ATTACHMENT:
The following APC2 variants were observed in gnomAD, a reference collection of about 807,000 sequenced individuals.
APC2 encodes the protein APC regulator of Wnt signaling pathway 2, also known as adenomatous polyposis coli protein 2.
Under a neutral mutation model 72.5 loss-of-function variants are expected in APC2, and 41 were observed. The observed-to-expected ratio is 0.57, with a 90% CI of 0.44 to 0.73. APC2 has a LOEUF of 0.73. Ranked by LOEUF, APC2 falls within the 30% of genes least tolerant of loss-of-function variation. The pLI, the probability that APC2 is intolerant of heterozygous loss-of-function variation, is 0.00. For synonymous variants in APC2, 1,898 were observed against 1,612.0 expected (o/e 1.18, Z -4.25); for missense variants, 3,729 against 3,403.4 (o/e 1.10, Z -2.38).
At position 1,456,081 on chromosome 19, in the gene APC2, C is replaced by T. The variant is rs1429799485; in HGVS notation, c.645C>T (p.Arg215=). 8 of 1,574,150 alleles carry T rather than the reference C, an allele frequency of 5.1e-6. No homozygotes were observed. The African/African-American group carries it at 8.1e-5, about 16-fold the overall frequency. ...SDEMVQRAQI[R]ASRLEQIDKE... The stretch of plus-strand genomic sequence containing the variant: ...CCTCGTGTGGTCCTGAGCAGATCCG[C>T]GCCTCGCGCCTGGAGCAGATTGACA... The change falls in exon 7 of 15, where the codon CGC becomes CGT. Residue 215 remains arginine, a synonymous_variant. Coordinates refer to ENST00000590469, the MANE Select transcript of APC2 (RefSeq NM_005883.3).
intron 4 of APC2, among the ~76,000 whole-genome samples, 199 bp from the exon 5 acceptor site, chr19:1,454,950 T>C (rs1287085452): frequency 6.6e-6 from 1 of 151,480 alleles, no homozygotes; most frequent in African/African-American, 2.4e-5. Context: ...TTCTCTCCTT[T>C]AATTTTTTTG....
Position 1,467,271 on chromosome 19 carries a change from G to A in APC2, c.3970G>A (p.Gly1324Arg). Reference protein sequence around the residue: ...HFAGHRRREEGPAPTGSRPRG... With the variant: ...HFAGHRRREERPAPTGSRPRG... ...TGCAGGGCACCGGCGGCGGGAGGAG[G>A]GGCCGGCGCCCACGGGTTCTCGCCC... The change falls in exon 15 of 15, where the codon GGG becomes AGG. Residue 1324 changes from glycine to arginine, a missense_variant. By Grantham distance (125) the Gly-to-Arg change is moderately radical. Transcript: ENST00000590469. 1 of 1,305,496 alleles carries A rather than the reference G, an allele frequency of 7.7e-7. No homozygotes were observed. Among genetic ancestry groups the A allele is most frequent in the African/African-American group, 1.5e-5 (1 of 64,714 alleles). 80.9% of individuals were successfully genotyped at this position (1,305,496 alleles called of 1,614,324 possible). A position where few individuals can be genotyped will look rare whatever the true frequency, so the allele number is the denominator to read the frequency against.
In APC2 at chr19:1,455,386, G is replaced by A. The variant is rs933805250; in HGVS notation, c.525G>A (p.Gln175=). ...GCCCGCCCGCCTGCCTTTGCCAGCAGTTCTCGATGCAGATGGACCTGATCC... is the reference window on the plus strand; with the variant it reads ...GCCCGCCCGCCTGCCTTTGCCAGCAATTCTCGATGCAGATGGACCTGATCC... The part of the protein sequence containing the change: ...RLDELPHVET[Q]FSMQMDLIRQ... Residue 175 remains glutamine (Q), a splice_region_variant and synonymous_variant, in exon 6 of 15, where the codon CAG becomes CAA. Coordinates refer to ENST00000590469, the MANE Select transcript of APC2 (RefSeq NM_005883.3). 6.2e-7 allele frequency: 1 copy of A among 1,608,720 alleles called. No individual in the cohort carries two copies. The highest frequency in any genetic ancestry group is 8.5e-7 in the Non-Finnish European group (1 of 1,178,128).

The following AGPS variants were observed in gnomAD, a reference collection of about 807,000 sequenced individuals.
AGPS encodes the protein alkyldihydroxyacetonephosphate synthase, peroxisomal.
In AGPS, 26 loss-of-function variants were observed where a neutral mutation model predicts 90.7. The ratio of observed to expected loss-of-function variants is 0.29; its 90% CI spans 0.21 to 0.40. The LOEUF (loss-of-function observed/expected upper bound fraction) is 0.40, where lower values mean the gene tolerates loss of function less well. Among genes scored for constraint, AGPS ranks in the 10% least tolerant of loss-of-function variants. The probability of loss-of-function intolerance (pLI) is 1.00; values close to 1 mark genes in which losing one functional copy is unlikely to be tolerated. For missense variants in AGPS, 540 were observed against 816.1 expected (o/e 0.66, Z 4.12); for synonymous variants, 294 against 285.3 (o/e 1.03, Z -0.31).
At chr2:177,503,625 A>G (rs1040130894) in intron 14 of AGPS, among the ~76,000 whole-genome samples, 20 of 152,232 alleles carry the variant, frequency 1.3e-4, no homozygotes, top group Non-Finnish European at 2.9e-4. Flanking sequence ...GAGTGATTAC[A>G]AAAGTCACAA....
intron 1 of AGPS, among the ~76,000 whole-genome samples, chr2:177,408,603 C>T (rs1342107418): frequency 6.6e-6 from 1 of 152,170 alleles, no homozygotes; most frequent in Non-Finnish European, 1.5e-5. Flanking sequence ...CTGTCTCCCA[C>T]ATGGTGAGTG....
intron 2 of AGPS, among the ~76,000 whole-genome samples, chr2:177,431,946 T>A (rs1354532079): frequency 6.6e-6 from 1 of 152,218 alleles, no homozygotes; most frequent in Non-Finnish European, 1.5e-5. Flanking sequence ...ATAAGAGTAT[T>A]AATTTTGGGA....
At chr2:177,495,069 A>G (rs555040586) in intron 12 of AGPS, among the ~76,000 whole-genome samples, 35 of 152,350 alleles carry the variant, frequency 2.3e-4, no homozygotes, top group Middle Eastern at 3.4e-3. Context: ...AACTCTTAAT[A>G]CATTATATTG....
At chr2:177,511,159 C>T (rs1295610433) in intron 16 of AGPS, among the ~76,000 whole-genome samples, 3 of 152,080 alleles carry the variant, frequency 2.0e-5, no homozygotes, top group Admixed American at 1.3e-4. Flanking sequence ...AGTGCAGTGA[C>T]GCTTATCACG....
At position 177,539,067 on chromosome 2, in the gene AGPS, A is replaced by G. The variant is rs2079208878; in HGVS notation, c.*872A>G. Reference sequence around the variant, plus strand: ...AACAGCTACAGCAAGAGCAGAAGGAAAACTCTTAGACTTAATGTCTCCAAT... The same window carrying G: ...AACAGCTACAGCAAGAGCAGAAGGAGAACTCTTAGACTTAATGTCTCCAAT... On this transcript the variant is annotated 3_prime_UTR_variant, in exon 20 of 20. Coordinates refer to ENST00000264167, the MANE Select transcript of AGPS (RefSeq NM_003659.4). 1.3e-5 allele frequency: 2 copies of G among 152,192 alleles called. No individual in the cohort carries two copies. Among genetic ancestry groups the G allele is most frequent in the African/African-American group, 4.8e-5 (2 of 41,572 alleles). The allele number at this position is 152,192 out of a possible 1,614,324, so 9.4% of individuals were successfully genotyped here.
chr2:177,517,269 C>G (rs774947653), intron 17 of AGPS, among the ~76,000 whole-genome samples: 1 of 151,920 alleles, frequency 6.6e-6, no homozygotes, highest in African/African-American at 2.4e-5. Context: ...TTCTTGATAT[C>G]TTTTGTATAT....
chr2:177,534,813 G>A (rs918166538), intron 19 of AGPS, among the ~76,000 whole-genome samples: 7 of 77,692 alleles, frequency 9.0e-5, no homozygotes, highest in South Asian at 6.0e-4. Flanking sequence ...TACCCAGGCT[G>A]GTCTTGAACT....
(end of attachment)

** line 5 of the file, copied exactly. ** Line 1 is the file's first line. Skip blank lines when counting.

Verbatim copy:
intron 4 of APC2, among the ~76,000 whole-genome samples, 199 bp from the exon 5 acceptor site, chr19:1,454,950 T>C (rs1287085452): frequency 6.6e-6 from 1 of 151,480 alleles, no homozygotes; most frequent in African/African-American, 2.4e-5. Context: ...TTCTCTCCTT[T>C]AATTTTTTTG....